Chinese blood pressure pills sold in US recalled over cancer-linked ingredient
Company raises alarm, voluntarily suspends supplies in international market after detecting impurity
A listed Chinese pharmaceutical firm that makes and sells generic drugs to the global market including the US and Europe, has recalled some of its products after finding that they may have been tainted by a cancer-causing substance.
Zhejiang Huahai Pharmaceutical – a major supplier of the active ingredient valsartan that it uses to make a generic blood pressure drug – raised the alarm and voluntarily suspended its supplies in the international market after detecting an impurity, N-nitrosodimethylamine (NDMA) in the product.
Huahai is a Shanghai-listed company based in Linhai, Zhejiang province.
Valsartan medicines are used to treat patients with high blood pressure to reduce complications such as heart attack and stroke. They are also used by patients who have had heart failure or a recent heart attack.
NDMA is classified as a probable human cancer-causing substance and is not expected to be found in the drug.
Huahai-produced active valsartan substances, sales of which topped 328.3 million yuan (US$49 million) last year, are mainly sold to North America, Europe, India, Russia and South America, according to a series of statements released by the firm over the past week.
Two generic drugs produced by Huahai that contained the problematic ingredient were also recalled. The two drugs are Valsartan, which entered the US market in September 2015, and Valsartan/Hydrochlorothiazide, which has been sold in the US since May 2016.
Some US$20 million of the two drugs were sold in the US last year and US$11 million for the first half of the year, according to Huahai’s statement.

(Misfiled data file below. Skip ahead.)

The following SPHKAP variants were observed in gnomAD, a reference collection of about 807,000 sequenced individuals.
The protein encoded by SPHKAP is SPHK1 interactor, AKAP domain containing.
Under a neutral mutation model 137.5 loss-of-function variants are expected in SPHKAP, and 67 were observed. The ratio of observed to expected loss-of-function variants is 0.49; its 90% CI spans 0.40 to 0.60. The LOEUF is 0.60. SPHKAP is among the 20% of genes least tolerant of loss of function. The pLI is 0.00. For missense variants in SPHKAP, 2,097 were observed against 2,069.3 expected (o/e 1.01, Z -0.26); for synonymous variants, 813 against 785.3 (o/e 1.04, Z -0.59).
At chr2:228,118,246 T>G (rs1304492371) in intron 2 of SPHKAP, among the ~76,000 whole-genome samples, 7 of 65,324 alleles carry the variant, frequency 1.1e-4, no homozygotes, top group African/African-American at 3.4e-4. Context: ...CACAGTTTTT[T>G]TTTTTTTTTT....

The drugs obtained approval in China earlier this year but had not yet been sold in the domestic market.
The US Food and Drug Administration (FDA) issued a voluntary recall of the medication on Friday. The drugs have been distributed by Major Pharmaceuticals, Teva Pharmaceutical Industries and Solco Healthcare, according to the FDA.
“We have carefully assessed the valsartan-containing medications sold in the United States, and we’ve found that the valsartan sold by these specific companies does not meet our safety standards. This is why we’ve asked these companies to take immediate action to protect patients,” said Janet Woodcock, director of the FDA’s Centre for Drug Evaluation and Research.
European countries, including Germany, Italy, Finland and Australia, have recalled drugs using valsartan supplied by Huahai following the Europe Medicines Agency issuing an alert to review such drugs earlier this month.
In Europe, Novartis is recalling Sandoz’ valsartan and valsartan HCT film-coated tablets in 23 countries.
“EMA’s review will investigate the levels of NDMA in these valsartan medicines, its possible impact on patients who have been taking them and what measures can be taken to reduce or eliminate the impurity from future batches produced by the company,” said an EMA statement. “As a precaution, the review will also consider whether other valsartan medicines may be affected.”
The presence of NDMA was unexpected and is thought to be related to changes in the way the active substance was manufactured. Huahai said in its statement that all the process change has been reported to and approved by drug regulators.
Shi Lichen, founder of Dingchen Pharmaceutical Management Consulting, said the recall might affect the company’s profits this year, but would not affect the image of Chinese generic drugs.
“Chinese-made generic drugs are not considered top-quality, anyway. The voluntary recall showed the company’s research and development competence has reached a certain level and it is being responsible,” he said.
The EMA advised patients not to stop taking valsartan medicine without professional advice.
The FDA said patients should continue with the recalled medicine until they have a replacement as valsartan is used to treat serious medical conditions.